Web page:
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“Sting: Bring on the Night” is a 1986 theatrically released film
available on DVD, chronicling Sting’s first tour as a solo
musician in 1985. Technically, Sting had done some solo work
as early as 1981 when he was still with The Police, but by
this time, he had decided to do a record with a group of
musicians with formidable Jazz backgrounds. Known as
“The Blue Turtles Band,” the members included drummer
Omar Hakim, keyboardist Kenny Kirkland, saxophonist
Branford Marsalis and bassist Darryl Jones. Dolette McDonald
and Janice Pendarvis contributed backup vocals. In addition
to singing lead vocals, Sting primarily strummed a six-string
guitar; although there is one song where he plays an
electric upright bass.

The structure of this 97-minute movie is based around the
rehearsals done in a historic French château, leading up to
the band’s first live show at the Théâtre Mogador in Paris.
A human element was provided by including among other
things, the birth of Sting’s child, as well as numerous interview
clips of Sting’s wife, Trudie, and the musicians. As I watched this
film, I was taken directly into the creative process, as various
aspects of Sting’s songs were fleshed out in terms of their
arrangements, etc. The actual songs on the set list were an
eclectic bunch, including stripped down songs that Sting
recorded while with the Police, such as “Roxanne,” and “Message
in a Bottle,” as well as Blues numbers, such as “Need Your Love
So Bad.” The concert appeared to be a bona fide triumph,
performed before a receptive capacity audience.

I mentioned that the musicians come from Jazz backgrounds,
but the songs on tap here are indicative of Sting’s desire to
push the envelope where Popular music is concerned. As
mentioned above, this music was an eclectic bunch of songs
which defied categorization, yet still maintained a populist
appeal. It’s not really Jazz or Rock, but an amalgamation of
both without totally belonging to either genre. His musicians,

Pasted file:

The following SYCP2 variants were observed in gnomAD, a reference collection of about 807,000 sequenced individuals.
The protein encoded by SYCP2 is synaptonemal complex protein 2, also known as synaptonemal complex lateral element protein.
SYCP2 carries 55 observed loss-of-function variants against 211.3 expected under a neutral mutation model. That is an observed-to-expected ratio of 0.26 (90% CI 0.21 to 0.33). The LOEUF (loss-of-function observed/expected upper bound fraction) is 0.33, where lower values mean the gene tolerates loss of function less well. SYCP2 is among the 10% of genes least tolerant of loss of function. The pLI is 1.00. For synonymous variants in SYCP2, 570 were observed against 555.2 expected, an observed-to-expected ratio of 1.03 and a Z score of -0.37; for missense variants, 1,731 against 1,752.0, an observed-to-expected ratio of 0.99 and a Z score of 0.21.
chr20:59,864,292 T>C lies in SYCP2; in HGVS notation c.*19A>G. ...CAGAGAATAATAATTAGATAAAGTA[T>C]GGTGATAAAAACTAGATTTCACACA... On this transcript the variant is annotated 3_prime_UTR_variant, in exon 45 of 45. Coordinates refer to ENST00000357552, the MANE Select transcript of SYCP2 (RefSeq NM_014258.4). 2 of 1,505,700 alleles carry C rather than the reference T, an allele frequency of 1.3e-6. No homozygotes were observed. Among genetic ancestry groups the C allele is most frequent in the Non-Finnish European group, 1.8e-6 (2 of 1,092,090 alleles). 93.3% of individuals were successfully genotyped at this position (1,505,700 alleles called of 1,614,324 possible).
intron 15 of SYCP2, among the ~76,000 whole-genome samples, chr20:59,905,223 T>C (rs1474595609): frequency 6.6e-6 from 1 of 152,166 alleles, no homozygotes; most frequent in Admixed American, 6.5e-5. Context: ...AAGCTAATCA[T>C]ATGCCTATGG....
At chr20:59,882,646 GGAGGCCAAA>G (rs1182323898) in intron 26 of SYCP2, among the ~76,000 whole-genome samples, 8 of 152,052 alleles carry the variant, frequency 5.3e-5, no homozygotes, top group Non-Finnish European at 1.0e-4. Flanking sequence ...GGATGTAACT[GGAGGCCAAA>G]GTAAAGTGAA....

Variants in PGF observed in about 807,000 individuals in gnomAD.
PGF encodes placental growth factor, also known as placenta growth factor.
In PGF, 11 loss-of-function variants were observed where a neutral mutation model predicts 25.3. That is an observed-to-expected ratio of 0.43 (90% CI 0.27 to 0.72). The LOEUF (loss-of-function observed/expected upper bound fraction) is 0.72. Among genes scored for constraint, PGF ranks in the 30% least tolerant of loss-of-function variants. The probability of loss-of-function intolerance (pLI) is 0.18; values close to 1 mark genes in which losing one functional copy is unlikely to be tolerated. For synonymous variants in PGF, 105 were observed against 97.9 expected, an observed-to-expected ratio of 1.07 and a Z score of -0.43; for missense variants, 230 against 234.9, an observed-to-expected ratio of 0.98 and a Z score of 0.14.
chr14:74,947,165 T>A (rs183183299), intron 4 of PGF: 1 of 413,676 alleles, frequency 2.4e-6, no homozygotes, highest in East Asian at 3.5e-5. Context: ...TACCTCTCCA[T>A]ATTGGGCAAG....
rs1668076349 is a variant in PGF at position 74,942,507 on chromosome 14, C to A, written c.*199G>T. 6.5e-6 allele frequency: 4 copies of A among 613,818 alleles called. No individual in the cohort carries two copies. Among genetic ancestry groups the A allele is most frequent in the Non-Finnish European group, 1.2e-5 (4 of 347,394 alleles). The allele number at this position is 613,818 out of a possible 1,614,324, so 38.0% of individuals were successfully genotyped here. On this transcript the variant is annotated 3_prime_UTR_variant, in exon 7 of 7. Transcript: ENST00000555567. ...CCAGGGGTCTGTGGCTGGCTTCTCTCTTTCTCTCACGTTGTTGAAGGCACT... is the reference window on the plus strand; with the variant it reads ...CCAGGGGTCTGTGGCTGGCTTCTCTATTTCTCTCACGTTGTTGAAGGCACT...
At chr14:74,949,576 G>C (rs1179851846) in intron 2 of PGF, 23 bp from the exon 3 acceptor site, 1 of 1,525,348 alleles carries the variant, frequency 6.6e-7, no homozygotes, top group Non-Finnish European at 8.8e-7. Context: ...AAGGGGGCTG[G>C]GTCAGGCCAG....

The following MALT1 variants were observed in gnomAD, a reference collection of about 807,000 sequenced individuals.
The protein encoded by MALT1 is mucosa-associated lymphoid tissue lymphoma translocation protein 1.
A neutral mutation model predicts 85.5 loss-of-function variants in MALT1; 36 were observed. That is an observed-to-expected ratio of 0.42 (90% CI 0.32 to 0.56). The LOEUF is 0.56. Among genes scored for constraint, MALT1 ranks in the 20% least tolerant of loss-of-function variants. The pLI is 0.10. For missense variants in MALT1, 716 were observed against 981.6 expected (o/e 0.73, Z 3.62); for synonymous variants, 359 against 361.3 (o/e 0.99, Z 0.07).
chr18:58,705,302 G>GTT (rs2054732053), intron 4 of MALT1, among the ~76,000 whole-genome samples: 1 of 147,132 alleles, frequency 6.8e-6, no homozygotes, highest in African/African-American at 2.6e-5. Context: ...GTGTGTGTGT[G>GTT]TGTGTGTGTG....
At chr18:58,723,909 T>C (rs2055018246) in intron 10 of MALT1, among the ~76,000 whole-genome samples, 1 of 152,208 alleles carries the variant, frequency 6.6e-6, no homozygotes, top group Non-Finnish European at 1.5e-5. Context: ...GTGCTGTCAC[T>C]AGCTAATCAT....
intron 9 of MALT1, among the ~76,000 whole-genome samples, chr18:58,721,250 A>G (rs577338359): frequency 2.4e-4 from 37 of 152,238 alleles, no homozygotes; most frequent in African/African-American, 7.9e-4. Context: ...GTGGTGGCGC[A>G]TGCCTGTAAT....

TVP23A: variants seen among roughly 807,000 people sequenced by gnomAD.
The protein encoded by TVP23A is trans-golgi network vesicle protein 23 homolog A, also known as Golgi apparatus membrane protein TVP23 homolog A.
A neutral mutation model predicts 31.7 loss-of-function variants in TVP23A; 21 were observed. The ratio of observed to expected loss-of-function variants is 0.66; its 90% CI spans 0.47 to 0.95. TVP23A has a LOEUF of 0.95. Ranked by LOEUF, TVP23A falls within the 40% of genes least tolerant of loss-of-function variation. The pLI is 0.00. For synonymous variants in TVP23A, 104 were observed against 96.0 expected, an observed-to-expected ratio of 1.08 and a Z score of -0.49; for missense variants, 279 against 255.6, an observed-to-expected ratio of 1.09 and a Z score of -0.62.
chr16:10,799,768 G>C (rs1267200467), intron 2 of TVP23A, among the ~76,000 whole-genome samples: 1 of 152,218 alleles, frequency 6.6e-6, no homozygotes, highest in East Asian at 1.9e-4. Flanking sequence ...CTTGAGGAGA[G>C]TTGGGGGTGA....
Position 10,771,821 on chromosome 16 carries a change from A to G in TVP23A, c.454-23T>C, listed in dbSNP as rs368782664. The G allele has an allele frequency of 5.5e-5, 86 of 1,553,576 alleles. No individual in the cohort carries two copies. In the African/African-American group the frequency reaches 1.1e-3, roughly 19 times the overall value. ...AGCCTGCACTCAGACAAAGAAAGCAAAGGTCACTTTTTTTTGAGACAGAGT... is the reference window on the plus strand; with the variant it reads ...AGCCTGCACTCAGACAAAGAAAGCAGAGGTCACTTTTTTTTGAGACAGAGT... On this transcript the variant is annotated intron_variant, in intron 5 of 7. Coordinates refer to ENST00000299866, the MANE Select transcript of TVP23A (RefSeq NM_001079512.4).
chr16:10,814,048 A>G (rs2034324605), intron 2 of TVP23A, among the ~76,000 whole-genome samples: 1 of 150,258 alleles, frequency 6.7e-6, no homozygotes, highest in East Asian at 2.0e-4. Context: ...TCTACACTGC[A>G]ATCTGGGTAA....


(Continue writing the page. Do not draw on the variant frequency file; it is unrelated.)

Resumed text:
all of whom are formidably equipped, clearly relished the
opportunity to make such music, and the sessions were
indicative of their esteem and respect for Sting (1951 – ).
Throughout this film, it was made clear that due to the
genre-crossing nature of this music, Sting endured no small
amount of pressure from his record label.

I got a kick out of these musical episodes, and one that
illustrated the breadth of Kenny Kirkland’s keyboard skills,
showed him at a grand piano, launching into an impromptu
rendition of a Brahms rhapsody, during a break in the
rehearsals. As I mentioned earlier, all of these musicians had
impressive pedigrees.  During this time, drummer Omar
Hakim was playing with Weather Report, and bassist Darryl
Jones was playing with Miles Davis.

By this time, The Police had for all intents and purposes
disbanded, and Sting was embarking on a new chapter in
his career, which we now know has been quite successful.

With this film, director Michael Apted whose credits include
“Gorillas in the Mist” and “Coal Miner’s Daughter,” has joined
the ranks of other famous Hollywood directors, such as
Jonathan Demme and Martin Scorsese. Apted has created a
film which captures these musicians in an exemplary fashion,
both in concert and behind the scenes.

The sound for this 2005 release has been improved with
digital remastering as well, making this DVD particularly
worthwhile. Bonus features include videos of three of the
band’s songs, along with a photo gallery and a 32-second
theatrical trailer. “Sting: Bring on the Night,” is highly
recommended.